New Analysis Shows Reductions in Spine Surgery Reimbursement

16 Mar, 2023 F.J. Thomas


Sarasota, FL ( – The Centers for Medicare and Medicaid Services (CMS) sets national and state industry standard for pricing for not only Medicare, but commercial and workers compensation as well. As a resource, CMS provides a pricing tool that goes back to the year 2000, and that includes rates and the elements used in calculation of those rates such as conversion factor, relative value units, and practice expense. Additionally, the tool includes payment policy indicators that dictate the percentage of multiple procedure reductions. While different payers and States use the CMS rates in various different ways, such as different percentages multiplied by the CMS rate, payers adhere strictly to the payment policy indicators.  

The reimbursement for spine procedures have fallen drastically over the last 20 years, according to a recent analysis done by researchers from the University of Texas McGovern Medical School. Using the CMS pricing tool, researchers analyzed provider reimbursement for spine procedure codes 22551, 22600, 22633, 63030, and 63047, and instrumentation code 22840, and codes 22842 through 22846. Codes 22551 and 22633 did not exist until 2011 and 2012 were adjusted accordingly in the analysis. 

The researchers found that after adjusting for inflation, reimbursement for anterior cervical discectomy and fusion or code 22551 fell by 11.05 percent with a rate range of $2,009.89 in 2011 to $1,787.85 in 2020. The reimbursement for code 22600 or posterior cervical fusion, decreased 28.38 percent, ranging from $1,889.38 in 2000 to $1,353.14 in 2020. Transforaminal lumbar interbody fusion or code 22633 dropped 7.85 percent going from $2,111.20 in 2012 to $1,945.49 in 2020.

Lower back disc surgery code 63030 saw a 28.17 percent decrease, going from $1,421.78 in 2000 to $1,021.22 in 2020. Code 63047 lumbar laminectomy saw an even larger decrease from $1,700.38 in 2000 to $1,158.25 in 2020, resulting in an overall 31.88 percent reduction. Reimbursement for instrumentation codes have an average decrease as well at 33.43 percent. Average compound annual growth rate was -1.7 percent for the procedure codes, and -2.02 percent for instrumentation codes.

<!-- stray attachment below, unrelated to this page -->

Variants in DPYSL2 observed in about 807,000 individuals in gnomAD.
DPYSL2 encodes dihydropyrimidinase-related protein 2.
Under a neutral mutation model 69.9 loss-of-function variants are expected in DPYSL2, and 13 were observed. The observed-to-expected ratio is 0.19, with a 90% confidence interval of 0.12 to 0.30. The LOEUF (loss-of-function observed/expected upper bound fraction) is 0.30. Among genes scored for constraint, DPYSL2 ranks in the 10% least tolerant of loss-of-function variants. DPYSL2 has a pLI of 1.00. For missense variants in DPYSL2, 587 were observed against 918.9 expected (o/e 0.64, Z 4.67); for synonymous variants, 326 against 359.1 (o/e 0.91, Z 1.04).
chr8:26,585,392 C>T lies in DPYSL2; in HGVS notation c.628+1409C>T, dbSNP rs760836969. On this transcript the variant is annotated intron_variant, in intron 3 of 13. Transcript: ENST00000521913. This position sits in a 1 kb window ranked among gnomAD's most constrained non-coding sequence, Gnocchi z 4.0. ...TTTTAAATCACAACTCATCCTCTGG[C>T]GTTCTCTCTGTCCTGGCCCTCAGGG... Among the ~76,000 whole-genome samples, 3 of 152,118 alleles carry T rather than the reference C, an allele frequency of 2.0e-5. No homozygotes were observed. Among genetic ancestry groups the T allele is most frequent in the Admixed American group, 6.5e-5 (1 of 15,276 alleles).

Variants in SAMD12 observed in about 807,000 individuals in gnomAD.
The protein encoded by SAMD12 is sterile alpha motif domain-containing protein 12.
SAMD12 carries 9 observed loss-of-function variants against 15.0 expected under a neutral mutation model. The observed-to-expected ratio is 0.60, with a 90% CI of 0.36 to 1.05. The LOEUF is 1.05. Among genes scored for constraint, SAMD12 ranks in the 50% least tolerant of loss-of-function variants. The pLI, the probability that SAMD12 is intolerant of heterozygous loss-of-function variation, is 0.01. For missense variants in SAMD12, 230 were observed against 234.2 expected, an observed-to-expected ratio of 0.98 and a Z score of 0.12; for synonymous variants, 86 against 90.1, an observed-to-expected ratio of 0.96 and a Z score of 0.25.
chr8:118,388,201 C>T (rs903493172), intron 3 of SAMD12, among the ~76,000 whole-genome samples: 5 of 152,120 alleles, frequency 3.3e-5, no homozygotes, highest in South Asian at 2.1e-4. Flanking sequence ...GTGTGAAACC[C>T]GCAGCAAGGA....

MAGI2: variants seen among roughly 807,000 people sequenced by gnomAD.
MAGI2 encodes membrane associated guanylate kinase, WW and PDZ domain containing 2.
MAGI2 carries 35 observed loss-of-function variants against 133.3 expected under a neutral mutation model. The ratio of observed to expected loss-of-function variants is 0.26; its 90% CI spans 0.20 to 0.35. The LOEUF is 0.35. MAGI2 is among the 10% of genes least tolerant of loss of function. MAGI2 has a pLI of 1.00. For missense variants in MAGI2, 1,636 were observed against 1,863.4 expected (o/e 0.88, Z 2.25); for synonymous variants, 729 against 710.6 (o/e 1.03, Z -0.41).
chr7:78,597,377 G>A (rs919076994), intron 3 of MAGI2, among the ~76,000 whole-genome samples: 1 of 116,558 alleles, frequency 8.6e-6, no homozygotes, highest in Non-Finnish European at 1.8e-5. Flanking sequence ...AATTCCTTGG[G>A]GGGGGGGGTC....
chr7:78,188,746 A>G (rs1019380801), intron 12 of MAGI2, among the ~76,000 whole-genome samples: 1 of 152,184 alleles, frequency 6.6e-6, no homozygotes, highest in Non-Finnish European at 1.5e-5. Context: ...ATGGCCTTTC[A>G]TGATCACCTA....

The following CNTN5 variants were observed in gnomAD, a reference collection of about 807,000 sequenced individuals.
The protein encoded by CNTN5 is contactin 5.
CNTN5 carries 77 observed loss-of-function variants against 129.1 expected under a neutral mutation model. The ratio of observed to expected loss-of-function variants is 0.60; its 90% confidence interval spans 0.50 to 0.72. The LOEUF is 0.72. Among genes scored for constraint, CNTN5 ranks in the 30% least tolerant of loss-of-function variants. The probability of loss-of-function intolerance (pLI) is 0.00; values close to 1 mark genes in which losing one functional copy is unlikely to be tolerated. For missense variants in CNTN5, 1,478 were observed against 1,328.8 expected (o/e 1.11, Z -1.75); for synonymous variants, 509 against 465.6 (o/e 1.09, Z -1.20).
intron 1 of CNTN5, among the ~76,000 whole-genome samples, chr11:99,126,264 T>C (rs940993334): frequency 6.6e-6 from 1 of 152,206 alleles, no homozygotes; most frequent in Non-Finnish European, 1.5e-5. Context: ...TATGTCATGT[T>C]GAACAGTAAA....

Overall, the analysts found a “persistent decline in reimbursement rates” for the reimbursement of spine codes. The researchers believe if this reduction is not addressed, continued reduction could eventually result in significant limited access to spinal care. Factoring in that spine surgery carries some highest malpractice premiums, this could very well be foreseeable. 

The results of the study showing a reduction in reimbursement are quite interesting when paired with the fact that the annualized health care spending growth rate in the U.S. is estimated at 2.5 to 3 percent, with back pain accounting for the highest spending category. 


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    About The Author

    • F.J. Thomas

      F.J. Thomas has worked in healthcare business for more than fifteen years in Tennessee. Her experience as a contract appeals analyst has given her an intimate grasp of the inner workings of both the provider and insurance world. Knowing first hand that the industry is constantly changing, she strives to find resources and information you can use.

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